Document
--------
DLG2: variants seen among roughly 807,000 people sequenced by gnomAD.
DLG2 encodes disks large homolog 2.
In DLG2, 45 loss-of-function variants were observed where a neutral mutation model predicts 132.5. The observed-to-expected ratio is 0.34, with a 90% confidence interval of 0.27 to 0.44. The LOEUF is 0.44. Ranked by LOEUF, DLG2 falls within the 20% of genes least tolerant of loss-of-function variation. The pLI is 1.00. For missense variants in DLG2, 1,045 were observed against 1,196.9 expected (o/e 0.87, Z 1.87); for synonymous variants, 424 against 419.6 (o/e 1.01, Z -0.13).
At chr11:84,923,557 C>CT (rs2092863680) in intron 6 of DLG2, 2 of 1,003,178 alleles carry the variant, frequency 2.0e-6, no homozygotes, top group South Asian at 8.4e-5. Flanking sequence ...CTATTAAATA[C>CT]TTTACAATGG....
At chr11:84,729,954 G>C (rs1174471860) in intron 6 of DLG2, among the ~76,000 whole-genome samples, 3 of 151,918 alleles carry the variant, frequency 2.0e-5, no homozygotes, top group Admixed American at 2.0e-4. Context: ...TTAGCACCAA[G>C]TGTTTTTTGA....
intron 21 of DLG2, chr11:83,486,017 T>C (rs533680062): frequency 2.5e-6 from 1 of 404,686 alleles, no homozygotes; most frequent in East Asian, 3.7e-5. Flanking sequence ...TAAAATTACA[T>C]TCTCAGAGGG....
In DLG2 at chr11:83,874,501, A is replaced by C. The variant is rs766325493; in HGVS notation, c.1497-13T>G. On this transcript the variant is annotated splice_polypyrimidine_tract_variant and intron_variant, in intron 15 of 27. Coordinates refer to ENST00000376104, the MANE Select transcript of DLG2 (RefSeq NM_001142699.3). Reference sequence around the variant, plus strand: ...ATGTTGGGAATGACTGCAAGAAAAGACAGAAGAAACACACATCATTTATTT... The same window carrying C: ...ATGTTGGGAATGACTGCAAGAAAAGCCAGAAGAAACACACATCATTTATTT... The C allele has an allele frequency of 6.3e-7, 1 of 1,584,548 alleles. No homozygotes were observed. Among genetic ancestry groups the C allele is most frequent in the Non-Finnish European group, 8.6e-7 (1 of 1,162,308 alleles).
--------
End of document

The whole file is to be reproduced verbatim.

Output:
DLG2: variants seen among roughly 807,000 people sequenced by gnomAD.
DLG2 encodes disks large homolog 2.
In DLG2, 45 loss-of-function variants were observed where a neutral mutation model predicts 132.5. The observed-to-expected ratio is 0.34, with a 90% confidence interval of 0.27 to 0.44. The LOEUF is 0.44. Ranked by LOEUF, DLG2 falls within the 20% of genes least tolerant of loss-of-function variation. The pLI is 1.00. For missense variants in DLG2, 1,045 were observed against 1,196.9 expected (o/e 0.87, Z 1.87); for synonymous variants, 424 against 419.6 (o/e 1.01, Z -0.13).
At chr11:84,923,557 C>CT (rs2092863680) in intron 6 of DLG2, 2 of 1,003,178 alleles carry the variant, frequency 2.0e-6, no homozygotes, top group South Asian at 8.4e-5. Flanking sequence ...CTATTAAATA[C>CT]TTTACAATGG....
At chr11:84,729,954 G>C (rs1174471860) in intron 6 of DLG2, among the ~76,000 whole-genome samples, 3 of 151,918 alleles carry the variant, frequency 2.0e-5, no homozygotes, top group Admixed American at 2.0e-4. Context: ...TTAGCACCAA[G>C]TGTTTTTTGA....
intron 21 of DLG2, chr11:83,486,017 T>C (rs533680062): frequency 2.5e-6 from 1 of 404,686 alleles, no homozygotes; most frequent in East Asian, 3.7e-5. Flanking sequence ...TAAAATTACA[T>C]TCTCAGAGGG....
In DLG2 at chr11:83,874,501, A is replaced by C. The variant is rs766325493; in HGVS notation, c.1497-13T>G. On this transcript the variant is annotated splice_polypyrimidine_tract_variant and intron_variant, in intron 15 of 27. Coordinates refer to ENST00000376104, the MANE Select transcript of DLG2 (RefSeq NM_001142699.3). Reference sequence around the variant, plus strand: ...ATGTTGGGAATGACTGCAAGAAAAGACAGAAGAAACACACATCATTTATTT... The same window carrying C: ...ATGTTGGGAATGACTGCAAGAAAAGCCAGAAGAAACACACATCATTTATTT... The C allele has an allele frequency of 6.3e-7, 1 of 1,584,548 alleles. No homozygotes were observed. Among genetic ancestry groups the C allele is most frequent in the Non-Finnish European group, 8.6e-7 (1 of 1,162,308 alleles).